Jumping to Conclusions

I continued piecing together Ann Eliza COOPER’s life today. I thought that drafting a chronological “sketch” would help me navigate the information deficient years, (marriage to Richard GEOGHEGAN in the 1850s and her whereabouts in 1871, seven years after his death).

On reaching empty spaces, I turned to available sources to see if I could discover something germane, and happened upon a significant “new” person.

I mentioned in an earlier post that Ann Eliza left York after her third husband’s death to work as a Waiting Room Attendant at Withernsea Railway Station. Her granddaughter “Julian” went with her, and at the age of 18 formed a relationship with Railway Porter, William WINSHIP. I had wondered if Julianne’s father was Ann Eliza’s firstborn, Thomas, but had yet to find him – anywhere.

A marriage in 1869 of a Thomas to Anne Elizabeth SIGSWORTH seemed promising but soon hit the rocks. Two years later, an initially dubious Thomas who took Melinda EASTBURN for a wife led to some pieces fitting together. The birth registration of “Julia Ann” Green in Leeds was followed by the death of Melinda Green two years later, at the age of 22. Four years earlier Melinda was enumerated in a Leeds household headed by a 36-year-old Block Cutter called George ELLIS. His wife was Melinda’s older sister Martha, 20; the marriage registered in the June Quarter of 1870. With them was Thomas Eastburn, George’s “nephew”, aged 7 months. I expected to find the boy was illegitimate but what took me by surprise was that the registration (September Quarter) gave him the middle name “Ellis”. What conclusion would you jump to? When my great grandmother was made pregnant and abandoned, she gave her son a middle name that told the world who his father was.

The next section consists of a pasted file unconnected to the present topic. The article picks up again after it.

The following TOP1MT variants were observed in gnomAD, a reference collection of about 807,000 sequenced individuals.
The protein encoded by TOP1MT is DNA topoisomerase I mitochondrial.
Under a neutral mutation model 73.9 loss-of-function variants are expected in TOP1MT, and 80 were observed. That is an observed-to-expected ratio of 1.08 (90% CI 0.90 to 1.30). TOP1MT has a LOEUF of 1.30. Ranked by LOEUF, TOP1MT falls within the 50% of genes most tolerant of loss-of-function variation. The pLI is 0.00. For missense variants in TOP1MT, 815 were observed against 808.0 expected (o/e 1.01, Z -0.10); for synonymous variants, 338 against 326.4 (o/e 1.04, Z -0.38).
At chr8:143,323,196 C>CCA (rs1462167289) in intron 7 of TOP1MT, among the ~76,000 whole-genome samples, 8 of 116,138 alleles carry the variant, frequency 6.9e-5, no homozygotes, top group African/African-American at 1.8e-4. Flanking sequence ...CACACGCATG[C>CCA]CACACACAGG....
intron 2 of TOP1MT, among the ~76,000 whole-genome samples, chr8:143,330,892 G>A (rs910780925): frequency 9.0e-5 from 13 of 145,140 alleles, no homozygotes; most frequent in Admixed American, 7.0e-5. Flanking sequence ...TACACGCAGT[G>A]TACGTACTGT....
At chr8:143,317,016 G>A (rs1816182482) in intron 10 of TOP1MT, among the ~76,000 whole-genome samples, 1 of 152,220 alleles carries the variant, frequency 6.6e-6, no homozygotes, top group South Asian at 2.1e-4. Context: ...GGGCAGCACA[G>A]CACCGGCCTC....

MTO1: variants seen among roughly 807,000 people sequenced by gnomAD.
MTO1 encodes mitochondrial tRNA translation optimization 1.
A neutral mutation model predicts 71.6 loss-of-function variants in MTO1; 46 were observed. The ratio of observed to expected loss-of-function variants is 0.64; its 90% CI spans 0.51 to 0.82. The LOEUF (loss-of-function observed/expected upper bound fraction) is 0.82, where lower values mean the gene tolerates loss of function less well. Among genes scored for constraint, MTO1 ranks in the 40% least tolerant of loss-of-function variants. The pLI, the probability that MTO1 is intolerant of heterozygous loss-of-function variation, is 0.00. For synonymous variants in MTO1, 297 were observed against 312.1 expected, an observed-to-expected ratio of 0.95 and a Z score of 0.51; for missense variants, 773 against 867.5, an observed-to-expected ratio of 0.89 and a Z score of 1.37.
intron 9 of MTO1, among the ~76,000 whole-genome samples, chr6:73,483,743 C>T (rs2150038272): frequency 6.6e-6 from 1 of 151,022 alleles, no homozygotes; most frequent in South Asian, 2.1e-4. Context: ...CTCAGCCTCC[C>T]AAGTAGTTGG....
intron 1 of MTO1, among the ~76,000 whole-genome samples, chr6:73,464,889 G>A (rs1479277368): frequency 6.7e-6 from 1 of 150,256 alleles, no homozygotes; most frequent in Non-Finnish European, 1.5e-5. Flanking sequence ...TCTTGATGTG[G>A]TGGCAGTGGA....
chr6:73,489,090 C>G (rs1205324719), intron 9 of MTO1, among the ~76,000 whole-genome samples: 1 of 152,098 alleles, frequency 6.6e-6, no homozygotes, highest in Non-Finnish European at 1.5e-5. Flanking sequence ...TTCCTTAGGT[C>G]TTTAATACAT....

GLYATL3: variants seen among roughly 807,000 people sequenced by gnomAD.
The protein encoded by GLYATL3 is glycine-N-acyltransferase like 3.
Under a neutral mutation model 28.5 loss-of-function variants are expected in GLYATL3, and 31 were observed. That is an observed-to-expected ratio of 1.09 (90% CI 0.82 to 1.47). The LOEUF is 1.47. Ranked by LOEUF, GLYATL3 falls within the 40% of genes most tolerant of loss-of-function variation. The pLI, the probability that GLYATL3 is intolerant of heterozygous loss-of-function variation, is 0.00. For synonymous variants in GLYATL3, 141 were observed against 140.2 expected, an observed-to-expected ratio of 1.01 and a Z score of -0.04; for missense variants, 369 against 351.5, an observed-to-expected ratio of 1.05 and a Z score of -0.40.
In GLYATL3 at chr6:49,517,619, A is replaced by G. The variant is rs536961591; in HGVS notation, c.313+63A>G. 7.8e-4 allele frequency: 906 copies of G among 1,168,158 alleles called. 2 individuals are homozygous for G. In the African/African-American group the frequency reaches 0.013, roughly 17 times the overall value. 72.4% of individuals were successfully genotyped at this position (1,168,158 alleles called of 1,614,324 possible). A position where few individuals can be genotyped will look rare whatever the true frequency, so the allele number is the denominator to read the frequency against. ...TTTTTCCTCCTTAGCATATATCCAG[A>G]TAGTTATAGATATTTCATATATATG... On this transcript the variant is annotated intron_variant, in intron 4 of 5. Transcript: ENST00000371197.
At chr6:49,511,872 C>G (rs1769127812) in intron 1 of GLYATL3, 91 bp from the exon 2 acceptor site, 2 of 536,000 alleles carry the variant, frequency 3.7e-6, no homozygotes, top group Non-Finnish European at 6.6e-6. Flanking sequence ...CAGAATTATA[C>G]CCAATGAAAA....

A quick search didn’t find George, Martha or young Thomas in 1881. I couldn’t find a death registration for the boy in his first decade but he clearly didn’t go with his younger half sister (possibly) to York and then to Withernsea.

I still don’t know what happened to Julianne’s father, Thomas (Ann Eliza’s son). When she married William Winship in 1893 she told the clerk that Thomas was a Horse Dealer. In 1901 there is a Thomas Green, widower, with the right age and birthplace, living in Hull and working as a “Commission Agent Horse Racing”. Ten years later he is at a different address in Hull and a “Commission Agent”. An easy conclusion to jump to – that this chap is Julianne’s father. But he writes on the 1911 census form that he had been married for 15 years and had four children, of whom two are living. Perhaps he married again and forgot all about Melinda and Julianne.

Flight of Fancy 22 · Cube

Reighton Sands (...gives a meal man appeal)